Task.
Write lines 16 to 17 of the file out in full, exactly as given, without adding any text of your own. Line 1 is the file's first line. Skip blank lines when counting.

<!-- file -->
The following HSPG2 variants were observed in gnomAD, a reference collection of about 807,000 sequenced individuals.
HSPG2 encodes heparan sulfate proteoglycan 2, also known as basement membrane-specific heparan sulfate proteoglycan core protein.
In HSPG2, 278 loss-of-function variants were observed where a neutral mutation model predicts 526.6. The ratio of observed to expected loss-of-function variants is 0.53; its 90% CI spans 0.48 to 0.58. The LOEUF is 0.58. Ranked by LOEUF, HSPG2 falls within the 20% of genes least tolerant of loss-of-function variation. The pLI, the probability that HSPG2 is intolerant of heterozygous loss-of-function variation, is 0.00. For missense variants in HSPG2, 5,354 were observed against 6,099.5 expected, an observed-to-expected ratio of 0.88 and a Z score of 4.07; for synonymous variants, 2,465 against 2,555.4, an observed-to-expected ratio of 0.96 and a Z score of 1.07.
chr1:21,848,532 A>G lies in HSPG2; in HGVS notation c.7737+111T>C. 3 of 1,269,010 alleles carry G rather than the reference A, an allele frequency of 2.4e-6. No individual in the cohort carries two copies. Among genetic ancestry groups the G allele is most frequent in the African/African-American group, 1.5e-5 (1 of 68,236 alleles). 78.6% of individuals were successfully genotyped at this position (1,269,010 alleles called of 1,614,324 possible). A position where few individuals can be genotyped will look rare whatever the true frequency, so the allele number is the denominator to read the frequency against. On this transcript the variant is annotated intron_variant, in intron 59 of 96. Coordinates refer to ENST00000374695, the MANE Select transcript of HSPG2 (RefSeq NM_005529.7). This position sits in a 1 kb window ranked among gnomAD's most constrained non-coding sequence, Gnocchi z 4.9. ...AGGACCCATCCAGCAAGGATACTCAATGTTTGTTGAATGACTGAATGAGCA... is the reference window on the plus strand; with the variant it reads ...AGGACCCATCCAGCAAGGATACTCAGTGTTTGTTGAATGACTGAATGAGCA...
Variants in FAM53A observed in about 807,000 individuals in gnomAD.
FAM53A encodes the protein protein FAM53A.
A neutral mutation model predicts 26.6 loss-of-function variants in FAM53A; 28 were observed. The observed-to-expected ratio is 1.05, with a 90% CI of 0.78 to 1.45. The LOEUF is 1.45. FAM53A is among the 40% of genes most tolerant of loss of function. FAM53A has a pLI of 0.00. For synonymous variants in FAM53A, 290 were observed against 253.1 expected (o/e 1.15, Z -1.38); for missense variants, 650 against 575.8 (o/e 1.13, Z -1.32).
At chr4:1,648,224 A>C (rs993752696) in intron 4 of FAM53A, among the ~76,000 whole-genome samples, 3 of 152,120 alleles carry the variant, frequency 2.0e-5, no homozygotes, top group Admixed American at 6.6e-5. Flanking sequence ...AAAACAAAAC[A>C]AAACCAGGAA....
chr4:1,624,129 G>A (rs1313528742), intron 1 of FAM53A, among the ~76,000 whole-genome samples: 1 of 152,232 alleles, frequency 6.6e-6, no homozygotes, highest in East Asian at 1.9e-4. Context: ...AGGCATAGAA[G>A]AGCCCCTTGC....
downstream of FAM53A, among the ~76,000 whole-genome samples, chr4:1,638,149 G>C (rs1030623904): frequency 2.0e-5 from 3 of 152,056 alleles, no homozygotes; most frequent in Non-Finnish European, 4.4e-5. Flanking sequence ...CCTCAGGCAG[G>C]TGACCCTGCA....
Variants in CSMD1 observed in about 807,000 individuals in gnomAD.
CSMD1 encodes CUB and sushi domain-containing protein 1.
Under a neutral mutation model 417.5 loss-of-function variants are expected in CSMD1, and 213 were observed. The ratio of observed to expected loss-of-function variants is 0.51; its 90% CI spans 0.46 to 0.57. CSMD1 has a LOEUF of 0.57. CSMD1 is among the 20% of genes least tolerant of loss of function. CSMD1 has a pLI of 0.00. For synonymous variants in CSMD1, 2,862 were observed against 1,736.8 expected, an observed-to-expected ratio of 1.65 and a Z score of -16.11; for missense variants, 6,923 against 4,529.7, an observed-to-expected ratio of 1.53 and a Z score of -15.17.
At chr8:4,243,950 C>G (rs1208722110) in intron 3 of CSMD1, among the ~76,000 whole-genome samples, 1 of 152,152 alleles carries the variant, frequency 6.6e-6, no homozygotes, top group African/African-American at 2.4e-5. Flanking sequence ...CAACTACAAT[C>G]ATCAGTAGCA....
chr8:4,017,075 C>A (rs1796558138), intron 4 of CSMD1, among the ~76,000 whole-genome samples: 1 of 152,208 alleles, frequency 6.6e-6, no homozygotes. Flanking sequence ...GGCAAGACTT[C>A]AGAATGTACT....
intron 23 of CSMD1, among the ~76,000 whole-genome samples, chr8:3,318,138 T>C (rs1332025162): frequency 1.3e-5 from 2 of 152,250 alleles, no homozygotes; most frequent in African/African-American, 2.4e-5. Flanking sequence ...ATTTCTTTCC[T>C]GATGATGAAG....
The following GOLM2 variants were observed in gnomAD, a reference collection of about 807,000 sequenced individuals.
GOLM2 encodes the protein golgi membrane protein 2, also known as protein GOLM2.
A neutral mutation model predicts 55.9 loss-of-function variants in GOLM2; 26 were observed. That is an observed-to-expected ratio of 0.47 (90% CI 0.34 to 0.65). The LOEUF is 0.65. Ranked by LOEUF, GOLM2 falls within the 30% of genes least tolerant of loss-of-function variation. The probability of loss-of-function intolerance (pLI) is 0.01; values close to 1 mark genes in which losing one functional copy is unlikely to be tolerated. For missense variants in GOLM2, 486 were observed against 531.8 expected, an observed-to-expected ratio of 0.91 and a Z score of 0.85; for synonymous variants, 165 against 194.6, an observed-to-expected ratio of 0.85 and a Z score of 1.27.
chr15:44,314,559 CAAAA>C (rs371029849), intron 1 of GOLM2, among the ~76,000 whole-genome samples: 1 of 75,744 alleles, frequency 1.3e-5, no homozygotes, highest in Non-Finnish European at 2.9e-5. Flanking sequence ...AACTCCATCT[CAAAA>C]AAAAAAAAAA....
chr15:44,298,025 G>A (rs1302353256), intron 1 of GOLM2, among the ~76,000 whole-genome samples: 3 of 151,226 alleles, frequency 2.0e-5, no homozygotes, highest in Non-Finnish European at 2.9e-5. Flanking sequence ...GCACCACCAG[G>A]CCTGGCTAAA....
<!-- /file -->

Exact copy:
intron 23 of CSMD1, among the ~76,000 whole-genome samples, chr8:3,318,138 T>C (rs1332025162): frequency 1.3e-5 from 2 of 152,250 alleles, no homozygotes; most frequent in African/African-American, 2.4e-5. Flanking sequence ...ATTTCTTTCC[T>C]GATGATGAAG....
The following GOLM2 variants were observed in gnomAD, a reference collection of about 807,000 sequenced individuals.